Freeport & Grasberg: A Chronology

1936: Dutch explorer-geologist Jean Jacques Dozy discovers Ertsberg (Dutch for "ore mountain") in Papua New Guinea. His discovery is recounted in a paper that is ignored for 23 years.

1959: Forbes Wilson, exploration chief for Freeport Sulphur Co., learns of Ertsberg from Dozy's report, visits site.

1961: Jim Bob Moffett, a football player, graduates from UT with a B.S. in geology.

1965: With U.S. approval if not direct support, Suharto seizes power in Indonesia. At least half a million people are killed.

1967: Freeport becomes first company to sign a contract under Indonesia's new foreign investment law.

1968: Moffett, along with UT boosters Ken McWilliams and B.M. Rankin Jr. form McMoRan Oil & Gas Co. The three later strike it rich in South Texas oil fields.

1972: After years of building infrastructure, Freeport Sulphur begins mining at Ertsberg, immediately has problems with weather and with mining at 4,100 meters above sea level. Wilson writes that the company is "deeply in the red" due to low copper prices.

1977: Amungme tribal people steal dynamite, blow up a slurry pipeline at the mine. Military crackdown kills as many as 900 local villagers.

1980: Freeport and Indonesian government start relocating local tribal people in the lowlands. Moffett becomes CEO of McMoRan Oil.

1981: McMoRan merges with Freeport Sulphur – a company twice as big as McMoRan.

1988: Due to its fertilizer operations in Louisiana, Freeport-McMoRan is named the top water polluter in America by the Environmental Protection Agency.

1989: UT Geology Department signs $1 million agreement with Freeport to do exploratory work at the Indonesia mine.

June 7, 1990: After an all-night hearing, the Austin City Council votes against Freeport's 4,000-acre real estate project on Barton Creek.

Oct. 17, 1990: Officials from half a dozen environmental groups send letter to Freeport, asking about problems with mine tailings.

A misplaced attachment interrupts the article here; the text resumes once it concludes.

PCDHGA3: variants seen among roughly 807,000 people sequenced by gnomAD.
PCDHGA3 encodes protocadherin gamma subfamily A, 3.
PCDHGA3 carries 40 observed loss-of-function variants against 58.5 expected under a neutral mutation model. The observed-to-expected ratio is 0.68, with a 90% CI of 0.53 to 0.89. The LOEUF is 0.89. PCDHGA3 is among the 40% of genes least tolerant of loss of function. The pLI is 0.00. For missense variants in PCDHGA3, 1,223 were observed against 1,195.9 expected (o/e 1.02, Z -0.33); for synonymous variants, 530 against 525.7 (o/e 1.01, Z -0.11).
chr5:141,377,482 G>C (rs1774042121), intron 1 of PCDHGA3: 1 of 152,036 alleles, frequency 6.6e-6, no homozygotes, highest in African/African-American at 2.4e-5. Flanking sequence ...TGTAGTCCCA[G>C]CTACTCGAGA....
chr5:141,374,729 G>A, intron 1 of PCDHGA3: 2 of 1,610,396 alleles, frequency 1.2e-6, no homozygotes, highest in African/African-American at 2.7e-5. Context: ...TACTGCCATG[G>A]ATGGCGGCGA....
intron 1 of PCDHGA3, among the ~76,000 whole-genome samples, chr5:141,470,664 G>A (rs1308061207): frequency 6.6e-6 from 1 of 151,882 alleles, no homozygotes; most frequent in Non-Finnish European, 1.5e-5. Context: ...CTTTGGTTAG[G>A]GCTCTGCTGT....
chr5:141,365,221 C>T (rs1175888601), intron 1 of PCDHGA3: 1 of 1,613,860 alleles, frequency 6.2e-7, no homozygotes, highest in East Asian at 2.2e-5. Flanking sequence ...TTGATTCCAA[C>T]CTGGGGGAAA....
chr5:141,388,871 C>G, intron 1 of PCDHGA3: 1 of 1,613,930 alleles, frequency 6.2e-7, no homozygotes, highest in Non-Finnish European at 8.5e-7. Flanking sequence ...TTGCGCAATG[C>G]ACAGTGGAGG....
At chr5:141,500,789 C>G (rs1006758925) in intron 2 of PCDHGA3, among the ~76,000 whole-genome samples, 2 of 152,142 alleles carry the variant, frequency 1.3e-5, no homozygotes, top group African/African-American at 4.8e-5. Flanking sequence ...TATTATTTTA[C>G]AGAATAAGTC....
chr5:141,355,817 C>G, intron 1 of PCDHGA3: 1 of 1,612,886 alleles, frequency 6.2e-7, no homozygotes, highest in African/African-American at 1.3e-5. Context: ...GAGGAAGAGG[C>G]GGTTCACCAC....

Sept. 17, 1991: New discoveries of ore at the Grasberg deposit adjacent to Ertsberg cause Freeport to double estimates of mine reserves. They estimate future production at over 12 billion pounds of copper, 20.6 million ounces of gold, and 22.8 million ounces of silver.

1993: Mine produces 62,000 tons of ore a day.

July 1994: Independent scientists working for the Overseas Private Investment Corporation, a federal agency that provides political risk insurance, visit Freeport's Grasberg mine, investigate environmental problems.

Dec. 25, 1994: Demonstration by local tribal people near the mine. Military attacks, at least three civilians are killed.

April 1995: Australian Council for Overseas Aid releases report detailing dozens of human rights abuses at Indonesian mine, implicates Freeport security personnel in the attacks.

August 1995: Catholic Church of Jayapura releases report on abuses at the mine, corroborates many of ACFOA's findings.

Sept. 22, 1995: Indonesian Commission on Human Rights releases report confirming human rights abuses at mine.

Oct. 20, 1995: Austin Chronicle files Freedom of Information Act request with OPIC. Agency refuses to comment on insurance issue.

Halloween 1995: OPIC's $100 million political risk insurance coverage of Freeport mine is cancelled because the mine poses "unreasonable or major environmental, health or safety hazards."

Nov. 1, 1995: UT Geological Society cancels dinner honoring Moffett. Reason given: Moffett has "scheduling conflict."

December 1995: Mine produces 115,000 tons of ore per day and plans to expand production to 160,000 tons per day.

1998: Faced with a popular uprising and weakening support from the U.S., Indonesian dictator Suharto resigns.

2001: Theys Eluay, a leader of the West Papuan independence movement, is abducted and murdered. The Indonesian military is the prime suspect.

2002: American Patsy Spier, her husband, Rick, and several others are ambushed on a road near the Freeport mine. The shooting leaves three dead. The Indonesian military is the prime suspect in the shootings.

May 2005: Human Rights Watch and a host of other groups ask Indonesian president Yudhoyono to investigate the poisoning death of Indonesian lawyer and human rights activist Munir.

July 2005: Global Witness releases report alleging Freeport has systematically made direct payments to commanders in the Indonesian military. Grasberg mine produces 220,000 tons of ore per day. Freeport reports that in the first half of 2005, its revenue doubled from 2004, to $1.7 billion, and the company will award shareholders a supplemental dividend of 50 cents per share.

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